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The former WCBS reporter died at the age of 77 on December 2, 2017

  • Gary Maurer: That's exactly how i remember him. damn! feels like another death in the family. My thoughts are with walt's family.

  • Steven Reed: Oh man! So sorry to hear! I remember Walt's ever present pipe,marveled at his long daily commute between New Haven, Ct. and the WCBS studios in Black Rock, and watched him lead the newsroom charge into the computer age. To this Day I cannot be convinced that Walt wasnÕt a closeted pitchman for Osborne computers. Rest In Peace Walt....

  • Roslyn Barreaux Brendzel: We've lost so many of our WCBS family lately. So sad. Yes, Gary, we are getting old and a new generation at 88 never heard of us. Walt and I worked betty closely on the Challenger explosion. I had all the NASA books and press kit and Walt was the on air reporter. I fed Walt all the official stuff and we put together the breaking news. RIP Walt.

  • Steven Baltin: I'm saddened to learn of Walt's death. During my years at NewsRadio88, Walt was an excellent reporter. Walt covered and reported on several stories every day, especially when he was in charge of the NJ Bureau. He always made sure everything he put on the air was accurate and had a distinctive, excellent delivery.

  • Gil Gross: I hate this. Walt got me to the North Pole when he took me along to Greenland to be trained for surviving on the ice if your C-130 skibird crashed.I still remember when we all spent the first night under a hastily built paratent just to cut the wind, so to speak, there was Walt sleeping outside on the ice in his sleeping bag as if he didn't have a care in the world. Even our trainers from Elmendorf were amazed.
    After that we took that 130 and hopped up to the Pole, a weather station at 86 north and one of our radar stations to catch Russian missiles coming over the Pole. Because I went on that craziness, the NSF and the Air Guard Walt worked with took me to the South Pole too.All because Walt suggested I freeze my ass off when we were at Art Athens' retirement party at Gracie Mansion. He took me on some of the best adventures of my life and I will always be grateful for his friendship.

  • Tom Foty: Shocked to see this. Walt was at UPI Audio before WCBS .. mostly as a newscaster. Think he was among the original anchor staff when UPI started hourly casts in 1971.

  • Bill Schweizer: Walt Wheeler was a CT resident when I started at WCBS in 1979...and there were times we carpooled to 4AM. interesting commutes. RIP Walt.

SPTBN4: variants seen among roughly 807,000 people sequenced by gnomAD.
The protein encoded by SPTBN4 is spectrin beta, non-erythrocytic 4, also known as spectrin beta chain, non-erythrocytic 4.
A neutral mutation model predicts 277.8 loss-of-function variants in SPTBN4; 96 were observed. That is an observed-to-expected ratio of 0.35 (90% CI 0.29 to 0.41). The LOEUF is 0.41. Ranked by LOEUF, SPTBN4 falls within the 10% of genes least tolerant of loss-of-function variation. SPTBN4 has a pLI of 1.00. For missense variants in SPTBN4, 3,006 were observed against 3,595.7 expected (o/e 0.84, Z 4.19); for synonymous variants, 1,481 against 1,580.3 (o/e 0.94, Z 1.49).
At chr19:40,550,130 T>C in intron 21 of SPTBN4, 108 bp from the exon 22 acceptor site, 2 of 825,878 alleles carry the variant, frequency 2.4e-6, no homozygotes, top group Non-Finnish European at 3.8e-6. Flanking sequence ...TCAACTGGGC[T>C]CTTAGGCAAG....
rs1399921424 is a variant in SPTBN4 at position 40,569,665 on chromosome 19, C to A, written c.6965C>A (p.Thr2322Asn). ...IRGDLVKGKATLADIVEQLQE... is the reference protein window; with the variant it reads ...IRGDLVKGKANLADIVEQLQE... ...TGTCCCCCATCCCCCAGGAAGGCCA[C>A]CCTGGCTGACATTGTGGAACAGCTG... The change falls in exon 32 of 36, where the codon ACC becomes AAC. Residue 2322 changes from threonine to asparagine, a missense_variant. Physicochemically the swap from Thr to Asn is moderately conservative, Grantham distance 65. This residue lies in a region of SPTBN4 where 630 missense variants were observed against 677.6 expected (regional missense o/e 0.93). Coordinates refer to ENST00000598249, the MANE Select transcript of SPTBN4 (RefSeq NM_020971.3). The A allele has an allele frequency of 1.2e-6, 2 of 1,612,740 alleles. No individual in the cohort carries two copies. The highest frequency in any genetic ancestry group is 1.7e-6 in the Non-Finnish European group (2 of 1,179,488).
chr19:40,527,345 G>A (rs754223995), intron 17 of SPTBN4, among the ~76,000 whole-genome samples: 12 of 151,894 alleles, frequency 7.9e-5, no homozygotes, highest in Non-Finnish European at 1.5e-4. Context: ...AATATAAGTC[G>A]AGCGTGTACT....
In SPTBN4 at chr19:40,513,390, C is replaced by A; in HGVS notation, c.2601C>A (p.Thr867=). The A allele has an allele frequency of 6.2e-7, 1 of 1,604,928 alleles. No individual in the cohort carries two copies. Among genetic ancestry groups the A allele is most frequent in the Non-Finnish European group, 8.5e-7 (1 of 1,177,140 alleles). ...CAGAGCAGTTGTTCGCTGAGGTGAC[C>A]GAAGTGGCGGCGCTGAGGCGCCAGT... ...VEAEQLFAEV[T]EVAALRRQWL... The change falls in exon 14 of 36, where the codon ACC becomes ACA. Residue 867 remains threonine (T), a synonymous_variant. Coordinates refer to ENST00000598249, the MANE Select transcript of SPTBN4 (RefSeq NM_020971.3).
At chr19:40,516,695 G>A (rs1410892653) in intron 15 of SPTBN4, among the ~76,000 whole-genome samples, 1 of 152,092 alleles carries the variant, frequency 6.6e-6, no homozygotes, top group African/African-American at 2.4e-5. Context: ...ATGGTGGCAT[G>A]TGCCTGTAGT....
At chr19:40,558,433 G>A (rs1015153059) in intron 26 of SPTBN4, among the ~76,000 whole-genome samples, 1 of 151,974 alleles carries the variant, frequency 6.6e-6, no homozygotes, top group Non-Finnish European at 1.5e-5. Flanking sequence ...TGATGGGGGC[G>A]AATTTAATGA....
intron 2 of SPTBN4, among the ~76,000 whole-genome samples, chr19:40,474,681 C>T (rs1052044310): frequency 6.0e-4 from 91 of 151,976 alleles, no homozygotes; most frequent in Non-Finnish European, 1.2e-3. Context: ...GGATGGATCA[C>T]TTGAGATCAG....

• Michael J. Schoen: So sad to hear. Back in the 70s, when he was covering New Jersey for WCBS and I was covering the state for WCAU in Philadelphia, then all news, we would check each day to be sure we weren't duplicating on stories relevant to both cities. So anything major or of statewide interest. That way one of us would get the PLNX fee which was then $15.
    Our biggest assignment together was the opening of the Atlantic City casinos in 1977. It was actually one casino, Resorts International and we covered it day and night like a political convention. Ben Farnesworth was also there from WCBS and Lori Yapczensky from 'CAU. In those days, we even had producers. John Wheeling from New York and Karen Fox from Philadelphia.
    We had access and the ability to record on the casino floor for 24 hours -- unprecedented!
    Walt's live shots were amazingly good. I remember Ben doing a live shot as he ran a slot machine. It didn't pay off. The best thing we had was a big RV on the boardwalk as a base to file etc. We could file nationally from it. One day two young women from Philadelphia stopped by to see what was going on in this big vehicle, Mary Ann and Felicia. We spent some time explaining things and gave them business cards as they left. They vowed to call. Sure enough, Mary Ann called me. Then I got a call from Wheeler. "Who's Felicia?" Rest in peace my friend.

  • Peter King: I was lucky enough to have met Walt at the CBS "Board" luncheon a couple years of the "voices" I grew up listening to as a young broadcaster and what a reporter he was!

  • Fred Fishkin: I met Walt while I was working as a reporter in NJ and he was one of my inspirations for wanting to work at 88. So sorry to hear this.

  • Barry Siegfried: I am so sorry to read that Walt has left us. When we worked (and to some degree discovered what computers could do) together at WCBS, we developed a bond that was very special. I visited with him and Linda several times, both in CT and after they moved to Rensselaer county in NY, during which time I remember wishing that they hadn't moved so far away.
    As a reporter he always approached his stories in a completely professional and unbiased manner and I always marveled at his ability to make sense out of what often were breaking and confusing news events. To me, he was a wordsmith who had a remarkable ability to impart the essence of a story so that anyone would be able to understand it. I miss the very talented WW and I offer my sincerest condolences to Linda and his family.

  • Rita Sands: He was such a dear sweet person, so easy to work with even if under the most time constrained circumstances. A competent newsman who had a soft side for his friends, which seemed to be all of us in the newsroom. How I wish his later years were easier for him.

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